An institution here is the Brass Bell Restaurant, which is literally on the water and has been known to have waves break right over it during stormy weather. Made up of several restaurants and pubs with different themes under one roof, you can be snug inside watching the ocean as you enjoy your meal, or outside in the sun while your children swim in the pool, it all depends on the time of year.
A good place for a beer or sundowner and often offering live music in the evenings, you couldn’t get closer to the water.
We never lingered though, as the Kalk Bay Harbour and its authentic fishing village atmosphere beckoned. Here for decades fishermen have brought in their catch and offered it for sale to visitors, restaurants and locals alike, hanging some fish out in the wind to dry, gutting others for clients, as gulls eagerly awaited the scraps, and feeding the residential rather chubby Cape Fur seals.
There’s a place called Kalky’s at the harbour that has been selling traditional fish and chips to appreciators of the simple things, for years. We stopped in here for some veggie samoosas, hake and chips, sharing what we could with the rather demanding ever demanding kelp gulls.
After lunch we took a walk out to the Lighthouse which appeared translucent against the moody sky. The rain was on and off, and it didn’t matter, it wasn’t that cold bundled up in our jackets and scarves and actually, the cool air suits the area.
With renewed appreciation for the city, we ticked off our list of newly found treasures and headed home knowing that whatever the weather, there is a real and charming side of the city along this concentrated stretch that gives much of itself in people, history, stories and temperamental shoreline.
Be it a coastal walk, excellent shopping or time chatting with the local fishermen, even feeding the seals, its soulful and inviting and has a completely different feel to any other part of the Mother City.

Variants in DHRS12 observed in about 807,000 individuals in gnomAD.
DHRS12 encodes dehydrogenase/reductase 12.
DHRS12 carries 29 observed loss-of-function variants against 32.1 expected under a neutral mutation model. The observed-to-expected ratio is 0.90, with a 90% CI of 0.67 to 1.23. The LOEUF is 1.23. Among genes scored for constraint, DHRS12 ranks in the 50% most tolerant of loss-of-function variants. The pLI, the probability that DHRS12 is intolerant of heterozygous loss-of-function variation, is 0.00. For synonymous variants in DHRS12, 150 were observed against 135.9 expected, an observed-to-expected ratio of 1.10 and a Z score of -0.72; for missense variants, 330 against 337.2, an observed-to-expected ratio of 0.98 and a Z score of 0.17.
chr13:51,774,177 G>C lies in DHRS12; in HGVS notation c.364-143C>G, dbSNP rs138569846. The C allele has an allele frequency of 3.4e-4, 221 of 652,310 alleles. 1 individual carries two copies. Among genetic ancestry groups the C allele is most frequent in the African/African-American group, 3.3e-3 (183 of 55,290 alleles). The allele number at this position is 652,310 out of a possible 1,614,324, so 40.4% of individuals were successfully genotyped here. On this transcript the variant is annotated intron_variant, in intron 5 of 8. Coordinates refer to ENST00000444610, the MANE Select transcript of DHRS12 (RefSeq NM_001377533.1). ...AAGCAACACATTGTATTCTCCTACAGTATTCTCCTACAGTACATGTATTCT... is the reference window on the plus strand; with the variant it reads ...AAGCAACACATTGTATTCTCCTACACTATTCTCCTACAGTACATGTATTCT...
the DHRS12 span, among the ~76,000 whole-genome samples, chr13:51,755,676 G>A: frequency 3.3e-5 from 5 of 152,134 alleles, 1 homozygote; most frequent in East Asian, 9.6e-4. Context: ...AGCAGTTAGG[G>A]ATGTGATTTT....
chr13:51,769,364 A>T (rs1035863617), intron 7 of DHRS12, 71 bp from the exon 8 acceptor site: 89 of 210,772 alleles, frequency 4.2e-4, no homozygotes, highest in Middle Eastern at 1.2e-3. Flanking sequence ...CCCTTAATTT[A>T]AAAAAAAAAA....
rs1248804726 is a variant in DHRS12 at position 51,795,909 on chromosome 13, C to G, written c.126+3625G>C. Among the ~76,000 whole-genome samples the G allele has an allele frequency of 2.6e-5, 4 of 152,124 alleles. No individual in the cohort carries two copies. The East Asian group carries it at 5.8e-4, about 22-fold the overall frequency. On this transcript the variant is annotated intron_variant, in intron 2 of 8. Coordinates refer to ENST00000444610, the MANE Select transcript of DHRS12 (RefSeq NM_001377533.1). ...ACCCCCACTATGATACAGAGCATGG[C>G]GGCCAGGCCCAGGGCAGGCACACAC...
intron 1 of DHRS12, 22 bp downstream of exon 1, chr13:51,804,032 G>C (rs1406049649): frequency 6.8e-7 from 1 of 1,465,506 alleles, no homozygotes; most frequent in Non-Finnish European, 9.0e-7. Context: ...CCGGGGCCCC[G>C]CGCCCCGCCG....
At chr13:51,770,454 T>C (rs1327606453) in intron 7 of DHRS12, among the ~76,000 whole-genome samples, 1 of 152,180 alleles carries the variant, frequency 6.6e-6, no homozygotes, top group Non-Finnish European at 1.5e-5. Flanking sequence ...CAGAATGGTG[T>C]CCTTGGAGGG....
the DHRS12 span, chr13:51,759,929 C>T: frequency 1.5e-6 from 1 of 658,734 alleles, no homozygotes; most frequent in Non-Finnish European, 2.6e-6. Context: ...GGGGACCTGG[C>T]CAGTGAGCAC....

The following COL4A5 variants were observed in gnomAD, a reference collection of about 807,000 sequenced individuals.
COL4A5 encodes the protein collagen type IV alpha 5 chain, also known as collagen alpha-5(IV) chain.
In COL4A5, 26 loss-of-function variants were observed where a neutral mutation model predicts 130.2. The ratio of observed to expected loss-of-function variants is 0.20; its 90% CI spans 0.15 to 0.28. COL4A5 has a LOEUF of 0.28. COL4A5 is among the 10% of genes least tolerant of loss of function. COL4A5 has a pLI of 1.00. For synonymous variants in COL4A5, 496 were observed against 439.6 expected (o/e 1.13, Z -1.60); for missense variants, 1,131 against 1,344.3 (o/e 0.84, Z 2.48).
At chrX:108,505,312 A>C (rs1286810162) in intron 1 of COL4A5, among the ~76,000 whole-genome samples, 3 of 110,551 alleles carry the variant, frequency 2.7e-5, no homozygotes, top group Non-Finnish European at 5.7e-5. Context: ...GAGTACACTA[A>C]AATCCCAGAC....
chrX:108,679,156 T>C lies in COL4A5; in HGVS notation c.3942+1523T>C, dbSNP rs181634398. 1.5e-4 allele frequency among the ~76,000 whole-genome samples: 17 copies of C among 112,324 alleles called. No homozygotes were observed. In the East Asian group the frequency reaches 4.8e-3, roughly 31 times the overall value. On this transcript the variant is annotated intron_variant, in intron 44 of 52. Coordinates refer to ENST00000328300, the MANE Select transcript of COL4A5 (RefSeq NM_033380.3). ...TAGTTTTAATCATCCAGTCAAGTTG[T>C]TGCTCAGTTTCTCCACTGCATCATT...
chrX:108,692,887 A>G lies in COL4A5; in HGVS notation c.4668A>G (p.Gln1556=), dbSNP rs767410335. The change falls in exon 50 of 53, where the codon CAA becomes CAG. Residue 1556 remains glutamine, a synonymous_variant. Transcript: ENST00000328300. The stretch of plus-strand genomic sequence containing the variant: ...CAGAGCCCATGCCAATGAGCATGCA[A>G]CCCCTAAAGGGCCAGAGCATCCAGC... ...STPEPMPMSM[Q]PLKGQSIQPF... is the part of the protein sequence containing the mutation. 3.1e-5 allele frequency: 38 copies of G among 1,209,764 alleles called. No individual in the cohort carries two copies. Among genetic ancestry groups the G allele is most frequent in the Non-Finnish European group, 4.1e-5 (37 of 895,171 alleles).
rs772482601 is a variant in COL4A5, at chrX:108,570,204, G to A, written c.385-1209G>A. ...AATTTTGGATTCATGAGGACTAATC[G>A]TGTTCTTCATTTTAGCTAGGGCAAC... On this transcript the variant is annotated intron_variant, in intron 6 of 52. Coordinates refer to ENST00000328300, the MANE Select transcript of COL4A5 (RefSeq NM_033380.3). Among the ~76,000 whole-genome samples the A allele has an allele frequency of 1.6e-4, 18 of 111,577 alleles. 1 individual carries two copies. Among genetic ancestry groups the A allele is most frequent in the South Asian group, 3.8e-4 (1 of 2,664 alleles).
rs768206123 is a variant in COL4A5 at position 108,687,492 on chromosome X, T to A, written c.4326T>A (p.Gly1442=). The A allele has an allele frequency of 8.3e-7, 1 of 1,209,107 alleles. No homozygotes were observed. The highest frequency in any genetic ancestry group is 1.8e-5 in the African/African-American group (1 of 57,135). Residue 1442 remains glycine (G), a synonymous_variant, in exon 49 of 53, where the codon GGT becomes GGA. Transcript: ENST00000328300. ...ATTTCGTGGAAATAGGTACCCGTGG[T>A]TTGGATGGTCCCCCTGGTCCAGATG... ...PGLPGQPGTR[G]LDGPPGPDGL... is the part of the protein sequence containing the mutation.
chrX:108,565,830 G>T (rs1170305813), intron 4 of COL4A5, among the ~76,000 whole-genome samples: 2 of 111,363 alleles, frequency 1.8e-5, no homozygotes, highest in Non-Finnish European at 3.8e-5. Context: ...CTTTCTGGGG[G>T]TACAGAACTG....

If you opt to walk the coastal road, check the tide and surf, it can get wild and woolly out there and if the waves are breaking high, rather stick to Main Road. If you’re walking both ways, opt to alternate between the two.
To recap, major landmarks to look out for on this stretch include – Surfers’ Corner, Muizenberg Station, St James Beach, Main Road for shopping, the Brass Bell Restaurant and Kalk Bay Harbour with it’s seals and lighthouse.
Caught under a beautiful, moody Cape sky, a little video of the day.
Also know note that on the first Saturday of every month at 08h30, a group meets in the Kalk Bay parking area and does a beach clean up along this stretch, followed by coffee and a swim, if the weather allows. For more info on this, connect with the I Am Water Foundation.
Tall palm trees seen on Main Road.
To see all the posts from the day, look to #CheapflightsExplorers on Instagram.
Disclaimer. This collaboration to highlight insider spots in Cape Town was made possible by Cheapflights and Speckled Egg Digital.